11Oct 11th October. Saturday of Week 27

Saint Canice, abbot.

Saint Cainnech (Latin Canicus), was a 6th century monastic founder and missionary said to have been born in Dungiven, Derry, and to have died in Kilkenny (Cill ). Anything we know of him is from the few references in Adomnán’s Life of Saint Columba.

First Reading: Galatians 3:22-29

(In Christ, all the baptized are equally children of God, Jew or gentile, slave or free, male or female.)

But the scripture has imprisoned all things under the power of sin, so that what was promised through faith in Jesus Christ might be given to those who believe.

Now before faith came, we were imprisoned and guarded under the law until faith would be revealed. Therefore the law was our disciplinarian until Christ came, so that we might be justified by faith. But now that faith has come, we are no longer subject to a disciplinarian, for in Christ Jesus you are all children of God through faith.

As many of you as were baptized into Christ have clothed yourselves with Christ. There is no longer Jew or Greek, there is no longer slave or free, there is no longer male and female; for all of you are one in Christ Jesus. And if you belong to Christ, then you are Abraham’s offspring, heirs according to the promise.

Gospel: Luke 11:27-28

(More blessed than the womb that bore Jesus is the one who hears God’s word and keeps it.)

While Jesus was speaking, a woman in the crowd raised her voice and said to him, “Blessed is the womb that bore you and the breasts that nursed you!”; But he said, “Blessed rather are those who hear the word of God and obey it!”

The Sword of the Word

Paul tells how the privileged role of Israel, God’s elect people over eighteen centuries, is ended. From now on, “all are one in Christ Jesus.” And Luke seems to have in mind the prophecy of Simeon to Mary that she would be “pierced with a sword” (Luke 2:35). With what a shock of bewilderment must Mary have interpreted Jesus’ response to a woman who shouted her spontaneous praise for the one who nursed Jesus, when he said, “Rather blessed are they who hear the word of God and keep it.”

The sword of God’s word reaches to the heart of things in Galatians, to strike down all false, artificial boundaries between “Jew or Greek, slave or free, male or female.” Paul writes: All of you who have been baptized into Christ have clothed yourselves with him. The pain and humility by which divisions and grievances may be healed are usually more difficult than the offence which initially provoked the differences. Paul summons us to this “valley of decision,” to heal old wounds and family disputes, to become “one in Christ Jesus.”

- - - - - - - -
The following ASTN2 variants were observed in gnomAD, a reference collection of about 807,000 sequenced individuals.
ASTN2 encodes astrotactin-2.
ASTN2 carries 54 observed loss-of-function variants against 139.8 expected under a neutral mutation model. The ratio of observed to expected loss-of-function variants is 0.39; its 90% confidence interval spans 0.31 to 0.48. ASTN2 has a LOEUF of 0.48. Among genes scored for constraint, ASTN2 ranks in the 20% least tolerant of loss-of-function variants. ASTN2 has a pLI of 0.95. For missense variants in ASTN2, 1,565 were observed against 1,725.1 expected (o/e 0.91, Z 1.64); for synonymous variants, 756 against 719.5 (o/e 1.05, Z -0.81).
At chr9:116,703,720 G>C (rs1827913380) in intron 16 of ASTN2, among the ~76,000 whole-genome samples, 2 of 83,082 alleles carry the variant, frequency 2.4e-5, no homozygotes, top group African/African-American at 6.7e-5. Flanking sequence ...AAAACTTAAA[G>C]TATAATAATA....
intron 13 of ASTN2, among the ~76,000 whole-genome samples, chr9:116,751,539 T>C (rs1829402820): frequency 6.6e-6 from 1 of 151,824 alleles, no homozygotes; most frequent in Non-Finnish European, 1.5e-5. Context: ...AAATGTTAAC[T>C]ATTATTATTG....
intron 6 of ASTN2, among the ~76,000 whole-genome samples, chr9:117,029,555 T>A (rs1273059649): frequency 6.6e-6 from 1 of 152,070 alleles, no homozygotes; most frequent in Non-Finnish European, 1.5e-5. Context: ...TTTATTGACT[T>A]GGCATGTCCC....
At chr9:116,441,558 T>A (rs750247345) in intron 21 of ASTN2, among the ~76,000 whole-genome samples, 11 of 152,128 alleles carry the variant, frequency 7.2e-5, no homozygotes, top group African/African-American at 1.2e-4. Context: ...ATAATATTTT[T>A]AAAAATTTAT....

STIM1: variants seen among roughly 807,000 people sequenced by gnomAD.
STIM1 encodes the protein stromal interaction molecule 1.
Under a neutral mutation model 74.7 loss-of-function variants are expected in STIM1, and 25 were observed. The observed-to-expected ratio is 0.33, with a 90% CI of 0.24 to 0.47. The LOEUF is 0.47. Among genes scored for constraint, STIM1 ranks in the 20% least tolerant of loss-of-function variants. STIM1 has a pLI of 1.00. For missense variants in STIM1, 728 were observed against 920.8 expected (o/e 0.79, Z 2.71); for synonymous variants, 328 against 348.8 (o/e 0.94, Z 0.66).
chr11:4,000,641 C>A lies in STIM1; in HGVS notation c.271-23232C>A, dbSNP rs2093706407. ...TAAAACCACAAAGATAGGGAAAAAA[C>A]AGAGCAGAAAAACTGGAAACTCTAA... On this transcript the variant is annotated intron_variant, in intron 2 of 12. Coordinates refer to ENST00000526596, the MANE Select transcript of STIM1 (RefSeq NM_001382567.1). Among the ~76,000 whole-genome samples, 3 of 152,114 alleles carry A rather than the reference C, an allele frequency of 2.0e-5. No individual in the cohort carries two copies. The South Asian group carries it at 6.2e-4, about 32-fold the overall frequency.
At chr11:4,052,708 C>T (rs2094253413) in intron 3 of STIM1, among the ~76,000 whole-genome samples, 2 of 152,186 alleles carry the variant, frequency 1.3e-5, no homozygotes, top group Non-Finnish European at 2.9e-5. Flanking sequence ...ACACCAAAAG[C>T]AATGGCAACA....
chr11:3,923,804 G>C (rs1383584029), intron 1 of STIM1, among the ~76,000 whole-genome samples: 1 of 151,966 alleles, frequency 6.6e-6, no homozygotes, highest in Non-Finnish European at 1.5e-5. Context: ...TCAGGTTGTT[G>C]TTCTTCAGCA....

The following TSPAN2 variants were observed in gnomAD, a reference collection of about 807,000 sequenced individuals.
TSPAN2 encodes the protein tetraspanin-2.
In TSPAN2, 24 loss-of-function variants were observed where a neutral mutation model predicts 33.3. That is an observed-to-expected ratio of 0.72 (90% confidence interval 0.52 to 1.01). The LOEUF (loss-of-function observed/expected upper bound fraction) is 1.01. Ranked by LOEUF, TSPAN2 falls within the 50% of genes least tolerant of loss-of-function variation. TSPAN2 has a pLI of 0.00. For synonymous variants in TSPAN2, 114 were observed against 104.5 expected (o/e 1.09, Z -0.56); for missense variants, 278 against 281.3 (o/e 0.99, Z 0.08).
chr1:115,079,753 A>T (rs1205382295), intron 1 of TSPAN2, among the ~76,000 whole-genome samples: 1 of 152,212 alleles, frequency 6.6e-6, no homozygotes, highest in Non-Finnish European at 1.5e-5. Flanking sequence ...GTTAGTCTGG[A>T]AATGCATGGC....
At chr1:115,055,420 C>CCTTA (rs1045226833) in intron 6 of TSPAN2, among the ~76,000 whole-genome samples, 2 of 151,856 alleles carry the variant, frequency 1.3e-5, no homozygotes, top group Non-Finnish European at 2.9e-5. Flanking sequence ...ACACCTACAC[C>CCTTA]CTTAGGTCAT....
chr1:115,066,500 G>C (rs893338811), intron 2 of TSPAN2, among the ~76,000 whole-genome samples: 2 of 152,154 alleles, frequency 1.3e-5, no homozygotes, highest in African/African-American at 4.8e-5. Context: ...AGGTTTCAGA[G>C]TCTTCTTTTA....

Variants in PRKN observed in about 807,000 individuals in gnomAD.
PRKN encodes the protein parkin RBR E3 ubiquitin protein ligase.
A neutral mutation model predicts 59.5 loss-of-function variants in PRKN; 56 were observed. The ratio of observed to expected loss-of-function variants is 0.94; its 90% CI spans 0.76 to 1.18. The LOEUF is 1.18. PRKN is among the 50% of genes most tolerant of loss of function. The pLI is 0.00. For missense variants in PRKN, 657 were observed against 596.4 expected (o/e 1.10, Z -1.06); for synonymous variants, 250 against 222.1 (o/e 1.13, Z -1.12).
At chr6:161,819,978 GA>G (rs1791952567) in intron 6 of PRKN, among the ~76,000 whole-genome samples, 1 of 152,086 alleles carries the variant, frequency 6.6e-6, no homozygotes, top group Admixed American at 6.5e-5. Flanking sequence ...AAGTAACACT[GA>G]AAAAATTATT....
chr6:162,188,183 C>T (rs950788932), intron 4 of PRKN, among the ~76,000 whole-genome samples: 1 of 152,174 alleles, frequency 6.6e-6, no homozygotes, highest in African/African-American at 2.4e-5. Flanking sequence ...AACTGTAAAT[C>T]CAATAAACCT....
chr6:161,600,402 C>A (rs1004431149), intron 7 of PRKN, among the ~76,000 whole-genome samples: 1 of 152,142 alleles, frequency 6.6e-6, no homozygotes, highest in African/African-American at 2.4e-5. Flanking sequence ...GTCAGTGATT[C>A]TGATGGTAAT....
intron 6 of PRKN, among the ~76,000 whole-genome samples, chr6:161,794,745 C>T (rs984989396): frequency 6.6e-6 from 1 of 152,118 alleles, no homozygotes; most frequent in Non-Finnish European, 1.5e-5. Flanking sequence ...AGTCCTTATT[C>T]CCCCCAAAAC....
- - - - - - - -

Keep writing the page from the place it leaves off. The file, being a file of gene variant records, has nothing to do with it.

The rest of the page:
No one escapes the sharp sword of God’s word, not even Jesus’ own blessed mother. Her role does not stop with her physical motherhood and her gentle, life-giving care of the infant Jesus at her breast. She too listened continually to God’s word and acted on its inspirations. In Luke, Mary is presented in just that way, treasuring God’s word, spoken through her wide reach of neighbours, and reflecting on them in her heart (Luke 2:19). We too must listen again this day to God’s word and act on it with new faith and confidence, and reach out with new bonds of love to our faith-family across the world, as close to us as brothers and sisters.

One Response

  1. Soline Humbert

    AS a woman,I have always been very glad that Jesus didn’t go along with reducing a woman,his mother, to some of her body parts,no matter how beautiful or useful: to her womb and her breasts. I am glad he considered Mary blessed, as a whole person, for hearing ,truly hearing the Word of God, and putting it into practice. How revolutionary at a time when women’s role and identity was to be the bearers of children begotten by men,and preferably male children….Jesus never advocated special vocations for women,based on their biology: The sermon on the Mount is the same for all his diciples. He treats women as whole persons first and foremost.”In Christ,there is no longer male and female”.In the church,sadly,there still is.

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